In general, the increment selected should take into consideration both
the duration of the segment of the distribution path being tracked (i.e.,
a shipping segment will take hours to days, while a storage segment
is likely to be weeks or months) and the probability of a temperature
excursion being experienced (more likely during shipping than storage
in general). For the model presented here, 20-minute increments were
selected so as to use the same increments for both shipping and storage
portions of the temperature history. In practice, longer increments may
be more appropriate for monitoring storage temperatures, given both the
greater duration expected for storage and the decreased likelihood of
temperature excursion. Tables 1 and 2 show the details of the temperature
life history of our model drugs. Random numbers were used to generate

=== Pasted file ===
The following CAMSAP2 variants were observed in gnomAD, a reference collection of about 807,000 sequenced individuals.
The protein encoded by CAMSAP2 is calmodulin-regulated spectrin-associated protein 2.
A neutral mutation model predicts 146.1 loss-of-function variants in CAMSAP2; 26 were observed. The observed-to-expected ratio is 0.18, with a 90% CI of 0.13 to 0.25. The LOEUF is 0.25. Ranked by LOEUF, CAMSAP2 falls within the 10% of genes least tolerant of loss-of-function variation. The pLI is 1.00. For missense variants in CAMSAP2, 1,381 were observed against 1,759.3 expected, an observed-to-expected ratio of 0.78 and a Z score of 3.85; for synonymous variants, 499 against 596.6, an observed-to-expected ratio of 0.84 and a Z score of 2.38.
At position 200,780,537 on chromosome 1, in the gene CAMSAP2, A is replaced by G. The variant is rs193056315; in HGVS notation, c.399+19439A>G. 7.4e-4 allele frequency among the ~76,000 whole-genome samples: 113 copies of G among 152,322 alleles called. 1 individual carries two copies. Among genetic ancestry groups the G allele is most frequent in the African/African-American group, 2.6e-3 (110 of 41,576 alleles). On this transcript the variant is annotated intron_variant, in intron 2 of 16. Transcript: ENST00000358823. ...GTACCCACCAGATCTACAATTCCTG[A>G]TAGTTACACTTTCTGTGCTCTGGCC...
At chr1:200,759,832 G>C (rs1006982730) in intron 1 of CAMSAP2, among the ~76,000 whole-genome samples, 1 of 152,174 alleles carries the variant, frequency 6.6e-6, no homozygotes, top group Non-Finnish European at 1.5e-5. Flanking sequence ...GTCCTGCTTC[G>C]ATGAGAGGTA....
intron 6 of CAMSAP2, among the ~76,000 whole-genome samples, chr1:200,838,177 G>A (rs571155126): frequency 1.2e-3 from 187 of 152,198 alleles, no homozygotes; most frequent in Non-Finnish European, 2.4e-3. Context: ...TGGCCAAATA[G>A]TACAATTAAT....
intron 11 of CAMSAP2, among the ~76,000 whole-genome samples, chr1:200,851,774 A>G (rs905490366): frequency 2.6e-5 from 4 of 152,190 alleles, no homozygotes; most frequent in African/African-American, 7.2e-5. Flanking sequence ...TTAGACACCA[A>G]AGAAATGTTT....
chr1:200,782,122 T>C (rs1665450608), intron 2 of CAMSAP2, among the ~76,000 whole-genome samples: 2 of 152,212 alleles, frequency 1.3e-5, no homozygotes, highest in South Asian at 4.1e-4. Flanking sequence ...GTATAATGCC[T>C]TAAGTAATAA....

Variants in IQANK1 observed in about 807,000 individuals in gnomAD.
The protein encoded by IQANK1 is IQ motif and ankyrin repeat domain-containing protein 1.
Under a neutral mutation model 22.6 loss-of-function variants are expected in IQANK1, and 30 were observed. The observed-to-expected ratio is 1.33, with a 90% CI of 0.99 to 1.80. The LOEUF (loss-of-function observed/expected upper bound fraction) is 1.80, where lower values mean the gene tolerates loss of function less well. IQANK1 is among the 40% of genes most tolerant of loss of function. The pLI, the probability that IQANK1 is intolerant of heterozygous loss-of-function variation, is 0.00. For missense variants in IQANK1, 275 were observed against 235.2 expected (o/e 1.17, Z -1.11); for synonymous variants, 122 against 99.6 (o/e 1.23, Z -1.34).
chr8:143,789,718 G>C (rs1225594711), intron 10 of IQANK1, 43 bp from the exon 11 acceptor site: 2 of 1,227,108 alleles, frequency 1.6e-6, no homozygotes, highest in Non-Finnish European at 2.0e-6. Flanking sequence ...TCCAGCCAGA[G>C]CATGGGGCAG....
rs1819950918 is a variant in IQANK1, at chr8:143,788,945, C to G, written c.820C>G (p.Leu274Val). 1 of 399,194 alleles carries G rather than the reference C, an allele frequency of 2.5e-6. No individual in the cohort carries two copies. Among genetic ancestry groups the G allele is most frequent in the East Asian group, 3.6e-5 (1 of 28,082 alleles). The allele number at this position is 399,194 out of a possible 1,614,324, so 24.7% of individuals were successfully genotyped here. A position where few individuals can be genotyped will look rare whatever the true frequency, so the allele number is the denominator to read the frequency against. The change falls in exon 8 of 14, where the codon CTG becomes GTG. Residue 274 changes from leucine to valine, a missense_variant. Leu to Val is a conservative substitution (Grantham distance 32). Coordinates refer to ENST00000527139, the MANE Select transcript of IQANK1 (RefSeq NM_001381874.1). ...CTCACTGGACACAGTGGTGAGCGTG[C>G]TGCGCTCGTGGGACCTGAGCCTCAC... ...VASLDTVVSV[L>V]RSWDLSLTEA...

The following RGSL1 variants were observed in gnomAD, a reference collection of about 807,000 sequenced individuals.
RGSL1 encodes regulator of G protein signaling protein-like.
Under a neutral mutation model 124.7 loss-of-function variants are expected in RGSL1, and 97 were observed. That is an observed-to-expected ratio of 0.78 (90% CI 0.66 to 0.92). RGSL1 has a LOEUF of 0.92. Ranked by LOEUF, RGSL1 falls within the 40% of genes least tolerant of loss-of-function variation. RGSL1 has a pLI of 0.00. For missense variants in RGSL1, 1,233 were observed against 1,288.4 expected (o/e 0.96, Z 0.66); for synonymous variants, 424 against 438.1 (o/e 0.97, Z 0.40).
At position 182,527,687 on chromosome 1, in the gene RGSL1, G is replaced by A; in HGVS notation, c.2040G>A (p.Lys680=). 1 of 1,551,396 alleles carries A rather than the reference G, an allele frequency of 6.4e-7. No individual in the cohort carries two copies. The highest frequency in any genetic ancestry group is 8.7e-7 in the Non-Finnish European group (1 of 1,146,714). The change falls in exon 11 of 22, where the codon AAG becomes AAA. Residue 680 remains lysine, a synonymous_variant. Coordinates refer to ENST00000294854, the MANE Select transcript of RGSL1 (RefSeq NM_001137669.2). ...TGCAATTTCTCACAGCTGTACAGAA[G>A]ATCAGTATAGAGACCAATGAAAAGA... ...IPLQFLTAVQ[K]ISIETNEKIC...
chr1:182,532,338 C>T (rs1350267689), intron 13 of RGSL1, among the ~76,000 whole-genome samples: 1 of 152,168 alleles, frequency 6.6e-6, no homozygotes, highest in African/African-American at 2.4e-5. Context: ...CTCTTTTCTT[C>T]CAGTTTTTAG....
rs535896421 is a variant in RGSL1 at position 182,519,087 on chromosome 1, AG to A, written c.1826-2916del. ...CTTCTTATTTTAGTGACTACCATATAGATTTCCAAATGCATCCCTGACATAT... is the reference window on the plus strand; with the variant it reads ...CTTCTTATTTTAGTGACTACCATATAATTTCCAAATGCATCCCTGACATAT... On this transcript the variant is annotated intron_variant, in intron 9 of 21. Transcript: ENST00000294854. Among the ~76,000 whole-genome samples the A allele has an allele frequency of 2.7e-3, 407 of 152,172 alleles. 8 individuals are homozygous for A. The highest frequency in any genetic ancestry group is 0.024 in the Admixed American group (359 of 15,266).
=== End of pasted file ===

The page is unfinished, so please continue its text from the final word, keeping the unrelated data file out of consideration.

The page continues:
the temperatures in each segment using the MKT and a standard deviation
of 0.1 degrees.
It can be seen from Figures 1 and 2 that a typical drug spends most of its
lifetime in some type of temperature-controlled storage, whether at the original
manufacturer, wholesaler, or pharmacy. This is true for both refrigerated and
CRT drugs. Due to the relatively effective temperature control typical for such
locations, excursions in this environment are also likely to be of fairly short
duration, i.e., hours to days. Once again, in this time frame the reaction
kinetics of product degradation are likely to be linear or nearly so.
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Table 1. Model Refrigerated Drug Lifetime
Table 2. Model CRT Drug Lifetime
Nevertheless, excursions do occur and so the models were modified
to include excursions such as might be expected. Temperature excursions
were inserted into each model to determine their impact on the MKT. The
first excursion was inserted during the time that the drug product is stored
in its commercial container at the manufacturer and the second was placed
during transit from wholesaler to pharmacy. The two excursions added to
each model were the same: each ramped up for 6 hours, reached a high of